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Normal or Not? Finding the Cause of Painful Periods

6 Minute Read

By Dr. Nithya Gopal, Director of Ob/Gyn at Viva Eve

More than half of women who menstruate have some pain for 1 to 2 days each month. Usually, the pain is mild and can be alleviated with a few over-the counter pills like Advil or Tylenol. But for some women, the pain is so severe that it keeps them from doing their normal activities for several days a month. 

Painful periods and abnormal bleeding can be caused by many different conditions – including uterine fibroids. However, there could be other potential causes. Painful periods can sometimes be a sign of more serious health issues— but, that is not always the case. I always tell my patients that if their monthly cycle pain interferes with their daily activities and affects their quality of life, it is definitely time to visit your doctor and run a few tests.

Finding the cause of painful periods

At Viva Eve, we always recommend that you consult a physician to pinpoint the exact cause of your menstrual symptoms. Many women assume they have uterine fibroids and yes, that could be the culprit. However, it is important to know that up to 20 percent of women with symptoms that are similar to those of uterine fibroids actually have a different uterine condition called adenomyosis (ad-uh-no-my-oh-sis)

What is adenomyosis?

Adenomyosis occurs when the lining of the uterine cavity — called the endometrium — migrates into the muscular layer of the uterus. This “displacement” of cells into the wrong layer creates massive amounts of inflammation, which causes severe pain and heavy bleeding. The surrounding muscle of the uterus swells and forms fibrous tissue in response to the inflammation. One of the key symptoms of adenomyosis is an enlarged uterus. This inflamed or swollen area within the uterine muscle wall, called an adenomyoma, feels very much like a fibroid on physical examination. The condition may affect the patient’s entire uterus or it can be localized to one area.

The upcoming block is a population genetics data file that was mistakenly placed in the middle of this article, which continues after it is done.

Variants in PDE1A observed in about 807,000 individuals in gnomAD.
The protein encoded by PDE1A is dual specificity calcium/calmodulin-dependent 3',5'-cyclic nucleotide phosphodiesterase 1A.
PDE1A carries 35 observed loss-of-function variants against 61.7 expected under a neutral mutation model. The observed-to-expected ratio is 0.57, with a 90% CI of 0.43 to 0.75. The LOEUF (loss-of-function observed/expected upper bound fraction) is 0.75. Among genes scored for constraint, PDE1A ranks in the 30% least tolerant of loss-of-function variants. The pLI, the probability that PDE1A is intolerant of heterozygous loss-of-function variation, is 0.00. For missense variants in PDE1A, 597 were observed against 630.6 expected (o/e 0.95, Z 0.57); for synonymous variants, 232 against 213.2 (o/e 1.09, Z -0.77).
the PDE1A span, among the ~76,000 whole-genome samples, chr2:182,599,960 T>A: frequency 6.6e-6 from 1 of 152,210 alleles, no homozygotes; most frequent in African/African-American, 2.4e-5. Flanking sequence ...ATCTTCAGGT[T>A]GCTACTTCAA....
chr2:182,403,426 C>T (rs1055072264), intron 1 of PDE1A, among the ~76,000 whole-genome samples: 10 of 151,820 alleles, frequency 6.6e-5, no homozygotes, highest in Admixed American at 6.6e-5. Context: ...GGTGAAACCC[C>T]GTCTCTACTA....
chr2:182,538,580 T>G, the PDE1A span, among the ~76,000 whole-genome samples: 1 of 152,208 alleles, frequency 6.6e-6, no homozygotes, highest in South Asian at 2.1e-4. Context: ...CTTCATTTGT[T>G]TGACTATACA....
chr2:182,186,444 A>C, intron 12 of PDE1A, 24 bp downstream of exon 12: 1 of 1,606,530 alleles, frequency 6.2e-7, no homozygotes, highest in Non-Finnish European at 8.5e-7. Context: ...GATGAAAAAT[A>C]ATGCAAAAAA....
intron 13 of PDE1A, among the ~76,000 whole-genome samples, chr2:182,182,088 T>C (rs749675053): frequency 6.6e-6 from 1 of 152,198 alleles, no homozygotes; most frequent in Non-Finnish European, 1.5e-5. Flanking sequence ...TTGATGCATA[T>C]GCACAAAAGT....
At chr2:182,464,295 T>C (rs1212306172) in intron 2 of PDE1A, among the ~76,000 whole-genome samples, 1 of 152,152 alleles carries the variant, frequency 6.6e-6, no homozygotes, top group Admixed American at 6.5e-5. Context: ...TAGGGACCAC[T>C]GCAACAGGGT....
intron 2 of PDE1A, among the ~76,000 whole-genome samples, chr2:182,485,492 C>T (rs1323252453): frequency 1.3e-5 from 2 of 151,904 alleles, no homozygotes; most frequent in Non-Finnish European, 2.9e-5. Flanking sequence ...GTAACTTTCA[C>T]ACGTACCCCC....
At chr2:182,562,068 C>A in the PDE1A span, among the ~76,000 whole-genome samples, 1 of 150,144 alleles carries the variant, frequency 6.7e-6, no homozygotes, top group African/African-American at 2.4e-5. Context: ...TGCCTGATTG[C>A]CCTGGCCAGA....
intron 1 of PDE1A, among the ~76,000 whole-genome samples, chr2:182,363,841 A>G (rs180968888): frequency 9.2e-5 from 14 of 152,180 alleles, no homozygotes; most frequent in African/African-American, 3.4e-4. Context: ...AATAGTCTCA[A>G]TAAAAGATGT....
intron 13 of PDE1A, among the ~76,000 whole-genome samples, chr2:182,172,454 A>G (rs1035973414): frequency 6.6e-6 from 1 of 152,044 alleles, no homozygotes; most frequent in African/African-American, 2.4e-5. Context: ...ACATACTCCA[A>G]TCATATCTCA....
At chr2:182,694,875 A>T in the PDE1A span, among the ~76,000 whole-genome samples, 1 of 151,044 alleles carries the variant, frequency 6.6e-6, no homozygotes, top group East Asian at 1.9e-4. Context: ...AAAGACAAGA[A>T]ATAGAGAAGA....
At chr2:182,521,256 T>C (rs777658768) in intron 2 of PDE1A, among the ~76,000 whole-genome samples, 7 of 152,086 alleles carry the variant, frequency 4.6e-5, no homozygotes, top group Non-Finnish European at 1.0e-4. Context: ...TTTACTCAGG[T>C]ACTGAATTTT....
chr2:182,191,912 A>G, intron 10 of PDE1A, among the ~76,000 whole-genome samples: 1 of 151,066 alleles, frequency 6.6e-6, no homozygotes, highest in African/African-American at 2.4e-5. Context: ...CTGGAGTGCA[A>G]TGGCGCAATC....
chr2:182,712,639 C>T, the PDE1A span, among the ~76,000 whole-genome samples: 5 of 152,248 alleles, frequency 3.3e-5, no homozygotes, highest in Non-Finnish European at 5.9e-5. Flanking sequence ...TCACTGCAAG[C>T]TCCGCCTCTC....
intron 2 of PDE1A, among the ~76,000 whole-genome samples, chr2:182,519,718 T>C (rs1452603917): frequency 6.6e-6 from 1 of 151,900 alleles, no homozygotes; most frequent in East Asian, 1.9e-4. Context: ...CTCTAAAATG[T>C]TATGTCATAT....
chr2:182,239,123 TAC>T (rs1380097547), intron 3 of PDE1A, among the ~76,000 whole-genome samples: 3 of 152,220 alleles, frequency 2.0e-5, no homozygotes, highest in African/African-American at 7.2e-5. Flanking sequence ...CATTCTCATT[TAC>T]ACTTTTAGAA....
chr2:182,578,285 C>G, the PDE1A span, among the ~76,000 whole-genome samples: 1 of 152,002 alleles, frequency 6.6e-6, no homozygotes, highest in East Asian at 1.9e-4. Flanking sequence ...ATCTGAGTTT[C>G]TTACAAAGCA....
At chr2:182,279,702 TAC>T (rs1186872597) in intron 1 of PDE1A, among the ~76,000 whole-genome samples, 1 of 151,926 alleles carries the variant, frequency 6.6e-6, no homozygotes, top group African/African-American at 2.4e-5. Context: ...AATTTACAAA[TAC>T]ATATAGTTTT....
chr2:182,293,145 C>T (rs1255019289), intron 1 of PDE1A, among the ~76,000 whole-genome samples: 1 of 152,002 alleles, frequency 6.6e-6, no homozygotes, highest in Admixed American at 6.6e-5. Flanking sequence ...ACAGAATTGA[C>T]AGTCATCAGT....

About a third of the women who have adenomyosis experience uncomfortable and painful symptoms. These symptoms — like heavy menstruation, pelvic pain, and frequent urination — can be severe. If left untreated, heavy bleeding experienced by patients with this condition can cause chronic anemia and fatigue. The disease can also severely affect the patients’ quality of life due to chronic pain and bleeding.

Another issue is that adenomyosis symptoms can mimic those of a slightly different condition – endometriosis, — that is why sometimes it may take patients years to arrive at the correct diagnosis and treatment plan. With endometriosis the cells grow outside the uterus and usually in the ovaries, the cavities of the pelvis, and the supporting ligaments of the uterus.With adenomyosis the cells grow within the walls of the uterus. 

There are several overlapping symptoms, causes, and results, but effective treatment options are different. Both adenomyosis and endometriosis are the result of abnormal endometrial growth in the wrong place. In cases that are more severe and complex, both can occur at the same time. 

How is adenomyosis diagnosed?

Because the symptoms of fibroids and adenomyosis are so similar, misdiagnosis is incredibly common. That is why it is recommended that a patient sees a gynecologist or practice specializing in the treatment of both fibroids and adenomyosis, with the expertise to distinguish the two conditions. Adenomyosis can be diagnosed based on several factors: